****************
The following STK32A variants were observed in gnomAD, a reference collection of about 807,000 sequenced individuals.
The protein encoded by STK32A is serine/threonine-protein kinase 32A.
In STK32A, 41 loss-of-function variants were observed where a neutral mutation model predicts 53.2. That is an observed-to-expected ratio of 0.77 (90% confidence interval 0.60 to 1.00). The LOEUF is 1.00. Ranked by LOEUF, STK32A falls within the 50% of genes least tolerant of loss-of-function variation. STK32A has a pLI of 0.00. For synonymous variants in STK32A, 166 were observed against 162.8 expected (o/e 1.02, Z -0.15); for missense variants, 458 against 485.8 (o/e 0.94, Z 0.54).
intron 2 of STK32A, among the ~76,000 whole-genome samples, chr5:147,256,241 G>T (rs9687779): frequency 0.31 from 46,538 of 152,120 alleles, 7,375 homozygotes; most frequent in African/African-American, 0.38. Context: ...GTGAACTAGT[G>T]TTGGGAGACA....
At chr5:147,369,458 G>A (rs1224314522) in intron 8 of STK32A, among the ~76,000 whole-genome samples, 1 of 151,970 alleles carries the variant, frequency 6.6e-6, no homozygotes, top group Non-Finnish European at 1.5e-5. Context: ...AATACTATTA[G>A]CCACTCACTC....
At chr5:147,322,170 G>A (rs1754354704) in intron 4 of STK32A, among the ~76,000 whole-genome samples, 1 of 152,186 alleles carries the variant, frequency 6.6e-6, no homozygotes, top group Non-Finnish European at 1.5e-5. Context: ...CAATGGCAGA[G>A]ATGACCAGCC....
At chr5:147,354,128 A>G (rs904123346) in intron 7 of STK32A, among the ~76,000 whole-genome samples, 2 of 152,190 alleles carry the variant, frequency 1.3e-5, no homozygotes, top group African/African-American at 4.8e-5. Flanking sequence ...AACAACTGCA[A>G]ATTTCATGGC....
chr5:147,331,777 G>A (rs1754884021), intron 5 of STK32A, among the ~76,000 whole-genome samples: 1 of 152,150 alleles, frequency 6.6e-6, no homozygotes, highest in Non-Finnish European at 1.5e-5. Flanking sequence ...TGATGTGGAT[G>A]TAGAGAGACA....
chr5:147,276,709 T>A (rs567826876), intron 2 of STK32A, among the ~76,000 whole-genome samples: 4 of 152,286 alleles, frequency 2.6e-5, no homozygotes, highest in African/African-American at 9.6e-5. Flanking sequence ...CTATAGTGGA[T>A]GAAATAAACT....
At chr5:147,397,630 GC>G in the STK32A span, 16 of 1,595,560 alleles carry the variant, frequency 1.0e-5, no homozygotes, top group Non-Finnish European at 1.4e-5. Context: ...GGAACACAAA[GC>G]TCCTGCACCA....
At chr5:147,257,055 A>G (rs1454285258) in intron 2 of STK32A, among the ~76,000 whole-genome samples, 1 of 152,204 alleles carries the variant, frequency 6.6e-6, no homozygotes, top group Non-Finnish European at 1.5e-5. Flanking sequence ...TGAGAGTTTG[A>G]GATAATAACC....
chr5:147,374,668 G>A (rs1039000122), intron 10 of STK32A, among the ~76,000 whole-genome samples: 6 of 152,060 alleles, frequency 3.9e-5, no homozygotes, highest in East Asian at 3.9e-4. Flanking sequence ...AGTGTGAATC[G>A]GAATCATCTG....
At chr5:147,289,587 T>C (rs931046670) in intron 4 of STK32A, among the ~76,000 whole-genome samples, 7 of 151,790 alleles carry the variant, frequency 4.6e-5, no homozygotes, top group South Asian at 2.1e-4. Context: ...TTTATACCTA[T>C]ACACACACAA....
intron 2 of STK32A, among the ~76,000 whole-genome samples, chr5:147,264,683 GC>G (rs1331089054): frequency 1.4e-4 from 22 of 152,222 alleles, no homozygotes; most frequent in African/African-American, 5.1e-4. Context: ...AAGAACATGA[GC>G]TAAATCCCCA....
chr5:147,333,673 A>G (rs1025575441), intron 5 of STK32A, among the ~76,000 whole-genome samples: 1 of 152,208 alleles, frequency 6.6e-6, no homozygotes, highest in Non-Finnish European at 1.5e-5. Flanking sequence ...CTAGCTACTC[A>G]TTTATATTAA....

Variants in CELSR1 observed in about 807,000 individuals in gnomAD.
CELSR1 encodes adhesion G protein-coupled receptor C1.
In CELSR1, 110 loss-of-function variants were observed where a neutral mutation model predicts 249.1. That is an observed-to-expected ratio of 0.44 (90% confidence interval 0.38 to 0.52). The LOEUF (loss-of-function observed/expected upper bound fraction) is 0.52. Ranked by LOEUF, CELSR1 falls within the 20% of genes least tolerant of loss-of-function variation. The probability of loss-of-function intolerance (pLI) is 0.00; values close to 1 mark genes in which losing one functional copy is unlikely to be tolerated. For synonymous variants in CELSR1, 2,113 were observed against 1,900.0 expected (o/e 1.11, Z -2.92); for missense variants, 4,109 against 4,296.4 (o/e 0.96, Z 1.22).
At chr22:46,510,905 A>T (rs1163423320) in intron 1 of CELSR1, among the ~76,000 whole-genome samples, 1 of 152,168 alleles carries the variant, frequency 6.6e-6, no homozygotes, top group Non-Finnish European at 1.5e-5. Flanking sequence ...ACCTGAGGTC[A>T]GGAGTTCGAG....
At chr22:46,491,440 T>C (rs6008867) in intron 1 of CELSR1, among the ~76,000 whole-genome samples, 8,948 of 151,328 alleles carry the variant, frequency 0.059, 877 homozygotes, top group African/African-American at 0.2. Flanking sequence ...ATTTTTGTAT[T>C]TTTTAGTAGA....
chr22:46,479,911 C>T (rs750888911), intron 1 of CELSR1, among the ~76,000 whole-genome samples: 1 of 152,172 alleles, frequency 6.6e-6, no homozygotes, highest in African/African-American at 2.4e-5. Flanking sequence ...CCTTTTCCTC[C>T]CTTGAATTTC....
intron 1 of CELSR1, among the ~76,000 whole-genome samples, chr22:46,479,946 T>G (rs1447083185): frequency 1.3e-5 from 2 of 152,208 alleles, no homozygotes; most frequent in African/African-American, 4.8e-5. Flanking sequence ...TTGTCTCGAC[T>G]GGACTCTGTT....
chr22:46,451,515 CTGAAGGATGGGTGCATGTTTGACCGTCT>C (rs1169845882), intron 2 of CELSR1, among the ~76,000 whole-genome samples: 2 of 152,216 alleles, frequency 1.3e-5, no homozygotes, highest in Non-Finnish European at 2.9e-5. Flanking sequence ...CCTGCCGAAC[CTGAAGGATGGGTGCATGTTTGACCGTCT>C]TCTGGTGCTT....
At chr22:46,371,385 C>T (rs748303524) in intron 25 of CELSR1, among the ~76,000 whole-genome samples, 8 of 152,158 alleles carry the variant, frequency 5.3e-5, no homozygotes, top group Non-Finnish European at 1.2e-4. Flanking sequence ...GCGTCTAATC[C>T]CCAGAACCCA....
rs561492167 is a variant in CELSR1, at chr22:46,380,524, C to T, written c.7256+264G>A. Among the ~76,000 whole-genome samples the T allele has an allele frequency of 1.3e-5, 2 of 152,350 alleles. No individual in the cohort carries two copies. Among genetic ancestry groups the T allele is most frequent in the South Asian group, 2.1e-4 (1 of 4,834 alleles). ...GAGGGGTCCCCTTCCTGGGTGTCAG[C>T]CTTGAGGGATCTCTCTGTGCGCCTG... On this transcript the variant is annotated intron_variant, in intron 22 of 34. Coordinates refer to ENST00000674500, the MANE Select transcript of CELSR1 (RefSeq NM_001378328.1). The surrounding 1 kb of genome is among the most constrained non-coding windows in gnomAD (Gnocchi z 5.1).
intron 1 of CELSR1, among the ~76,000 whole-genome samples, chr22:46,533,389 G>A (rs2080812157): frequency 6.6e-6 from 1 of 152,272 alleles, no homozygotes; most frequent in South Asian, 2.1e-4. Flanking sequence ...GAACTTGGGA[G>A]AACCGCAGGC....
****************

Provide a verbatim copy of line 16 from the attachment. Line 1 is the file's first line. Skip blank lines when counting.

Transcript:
Variants in CELSR1 observed in about 807,000 individuals in gnomAD.